"Without provocation, Kowalski then grabbed (Margaret's) hair, pulling it backwards," and threatened to spray Margaret with pepper spray, the filing says. Kowalski then called six other officers to the area, and they in turned grabbed Margaret and started hauling up the stairs, the notice of claim says.

Margaret Hiebing tried to warn officers that she had previous knee surgery which made her prone to injuries, but said in an affidavit her pleas were ignored. When she got to the top of the stairs, Officer Peter Grimsyer "Tasered her repeatedly," the notice of claim says.

Roman, the claim says, was battered and falsely imprisoned by Officers Benjamin Newman and Nicolas Banuelos when he tried to help his wife.

State Justice Department spokesman William Cosh declined to discuss the claim. "We are reviewing the allegations and have no comment," he said.

Police said at the time that Margaret Hiebing was "kicking and screaming" when officers tried to handcuff her. "That's when one of the officers discharged a Taser weapon on her," said UW Police Sgt. Jason Whitney.

Whitney said UW officers asked Margaret Hiebing to go to her seat and attempted to contact guest services to help her to her seat. "But that didn't happen, so our policy is if you are not in your seat, you get ejected," he said at the time.

Filings of notices of claims with the state are usually precusors to the parties filing of a lawsuit, and must be done according to state statutes, so the Justice Department can analyze the validity of the claim. The Hiebings' claim was filed by Madison attorneys Robert Gingras and Paul Kinne.

Former Deputy Kyle Yates Accused of Raping & Molesting Child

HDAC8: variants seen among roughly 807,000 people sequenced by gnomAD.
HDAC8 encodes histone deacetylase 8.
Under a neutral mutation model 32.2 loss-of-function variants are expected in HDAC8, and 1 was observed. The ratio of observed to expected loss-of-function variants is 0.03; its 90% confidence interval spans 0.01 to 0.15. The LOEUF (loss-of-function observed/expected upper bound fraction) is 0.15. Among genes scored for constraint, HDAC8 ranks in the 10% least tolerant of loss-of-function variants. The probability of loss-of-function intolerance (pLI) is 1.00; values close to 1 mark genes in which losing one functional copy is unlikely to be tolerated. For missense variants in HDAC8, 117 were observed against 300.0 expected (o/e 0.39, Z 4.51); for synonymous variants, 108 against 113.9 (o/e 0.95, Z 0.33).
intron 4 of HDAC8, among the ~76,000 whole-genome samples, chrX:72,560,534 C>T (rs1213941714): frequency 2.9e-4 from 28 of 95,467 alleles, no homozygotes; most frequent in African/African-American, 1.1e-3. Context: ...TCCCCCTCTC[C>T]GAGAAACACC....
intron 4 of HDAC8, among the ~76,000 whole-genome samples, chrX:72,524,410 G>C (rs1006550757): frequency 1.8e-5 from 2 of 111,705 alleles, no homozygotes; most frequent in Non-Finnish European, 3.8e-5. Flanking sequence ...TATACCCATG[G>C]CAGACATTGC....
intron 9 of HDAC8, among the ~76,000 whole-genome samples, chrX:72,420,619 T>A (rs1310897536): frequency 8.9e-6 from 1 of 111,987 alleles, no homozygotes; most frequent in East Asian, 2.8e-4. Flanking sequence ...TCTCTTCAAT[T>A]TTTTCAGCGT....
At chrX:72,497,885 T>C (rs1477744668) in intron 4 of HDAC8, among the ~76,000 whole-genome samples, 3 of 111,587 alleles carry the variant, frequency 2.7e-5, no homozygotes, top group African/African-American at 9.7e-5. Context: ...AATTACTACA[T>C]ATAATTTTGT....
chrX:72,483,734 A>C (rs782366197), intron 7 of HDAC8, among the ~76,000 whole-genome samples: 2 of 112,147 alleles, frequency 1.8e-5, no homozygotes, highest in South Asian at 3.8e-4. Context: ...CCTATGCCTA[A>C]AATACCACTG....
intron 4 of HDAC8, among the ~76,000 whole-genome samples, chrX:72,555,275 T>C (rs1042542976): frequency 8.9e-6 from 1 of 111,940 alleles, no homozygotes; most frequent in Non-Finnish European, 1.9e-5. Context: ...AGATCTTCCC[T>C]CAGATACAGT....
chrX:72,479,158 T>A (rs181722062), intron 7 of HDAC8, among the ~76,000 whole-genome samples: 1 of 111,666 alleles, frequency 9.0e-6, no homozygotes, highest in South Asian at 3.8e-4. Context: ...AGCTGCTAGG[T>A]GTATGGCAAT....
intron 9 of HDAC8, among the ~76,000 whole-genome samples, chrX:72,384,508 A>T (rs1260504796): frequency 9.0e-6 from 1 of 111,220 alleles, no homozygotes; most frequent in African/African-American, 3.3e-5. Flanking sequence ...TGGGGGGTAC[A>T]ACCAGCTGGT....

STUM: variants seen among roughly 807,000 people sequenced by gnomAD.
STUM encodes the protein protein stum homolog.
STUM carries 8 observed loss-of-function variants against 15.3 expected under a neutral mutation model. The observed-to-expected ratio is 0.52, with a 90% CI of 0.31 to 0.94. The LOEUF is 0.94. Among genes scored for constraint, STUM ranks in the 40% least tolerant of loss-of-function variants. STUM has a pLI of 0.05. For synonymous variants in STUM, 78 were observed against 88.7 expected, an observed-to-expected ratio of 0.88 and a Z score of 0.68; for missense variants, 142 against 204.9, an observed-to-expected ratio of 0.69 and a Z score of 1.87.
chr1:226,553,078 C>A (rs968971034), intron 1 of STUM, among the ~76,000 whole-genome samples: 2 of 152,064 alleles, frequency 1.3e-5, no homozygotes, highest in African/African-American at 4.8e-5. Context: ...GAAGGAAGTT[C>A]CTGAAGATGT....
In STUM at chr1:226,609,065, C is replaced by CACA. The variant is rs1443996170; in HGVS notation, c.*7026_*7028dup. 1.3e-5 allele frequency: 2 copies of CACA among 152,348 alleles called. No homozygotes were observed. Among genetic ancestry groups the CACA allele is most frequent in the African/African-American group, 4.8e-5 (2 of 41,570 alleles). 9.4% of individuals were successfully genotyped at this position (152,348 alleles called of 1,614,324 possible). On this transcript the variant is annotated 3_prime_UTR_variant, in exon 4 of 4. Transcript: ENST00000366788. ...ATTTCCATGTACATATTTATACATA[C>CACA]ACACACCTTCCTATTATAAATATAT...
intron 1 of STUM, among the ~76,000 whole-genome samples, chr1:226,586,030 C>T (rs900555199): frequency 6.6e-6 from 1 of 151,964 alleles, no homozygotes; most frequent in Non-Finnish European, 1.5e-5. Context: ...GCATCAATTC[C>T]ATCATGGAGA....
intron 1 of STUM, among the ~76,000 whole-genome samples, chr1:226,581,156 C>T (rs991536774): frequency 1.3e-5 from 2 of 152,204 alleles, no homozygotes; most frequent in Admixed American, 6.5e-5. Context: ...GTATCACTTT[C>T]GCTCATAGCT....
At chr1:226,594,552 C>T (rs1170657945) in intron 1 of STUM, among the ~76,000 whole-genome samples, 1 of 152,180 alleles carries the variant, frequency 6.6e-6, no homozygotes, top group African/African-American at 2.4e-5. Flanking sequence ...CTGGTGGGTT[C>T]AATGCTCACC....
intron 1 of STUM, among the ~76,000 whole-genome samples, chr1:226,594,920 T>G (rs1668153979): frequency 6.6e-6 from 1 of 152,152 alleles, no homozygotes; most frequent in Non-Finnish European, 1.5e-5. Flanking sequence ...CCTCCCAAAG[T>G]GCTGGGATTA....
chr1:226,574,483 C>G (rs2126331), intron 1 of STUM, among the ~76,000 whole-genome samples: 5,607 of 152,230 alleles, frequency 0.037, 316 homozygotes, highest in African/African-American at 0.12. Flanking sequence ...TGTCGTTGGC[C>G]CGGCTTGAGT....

A former Palm Beach County sheriff's deputy accused of raping and molesting a child gave up his right to a speedy trial Thursday, allowing more time for his attorney to work on his defense.

Kyle Yates, 38, faces three charges of sexual battery on a minor under 12 years old and a charge each of lewd and lascivious molestation and distributing obscene materials to a minor. After being confronted with the accusations in July, investigators say he fled to Texas. He was arrested in November, authorities said.

Yates has pleaded not guilty to the charges.

Former Officer Nelson Tuatagaloa Kisses Suicidal Woman Ordered to Stand Trial

As West Jordan police officer Nelson Tuatagaloa was kissing a reportedly suicidal woman while on duty last year, he allegedly told investigators he thought to himself: "What are you doing?"

But, according to Tuatagaloa's statement, he continued kissing the woman, and went on to touch her breasts and genital area before dropping her at a hospital for a mental evaluation.

Based on testimony Friday from Salt Lake County district attorney investigator Travis Peterson and the alleged victim, 3rd District Judge Sheila McCleve ordered Tuatagaloa to stand trial on two counts of second-degree felony forcible sexual abuse.

If convicted, Tuatagaloa, 34, -- who no longer is working for the police department -- could face

Nelson Tuatagaloa up to 15 years in prison on each count. A scheduling hearing was set for Feb. 27.

The alleged victim testified that while she never said no or pushed Tuatagaloa away the night of Sept. 30, she did not want or welcome his advances. The woman said she felt she had to do everything Tuatagaloa wanted because he was a police officer and, based on what she had seen on television shows, he could say or do anything, even kill her.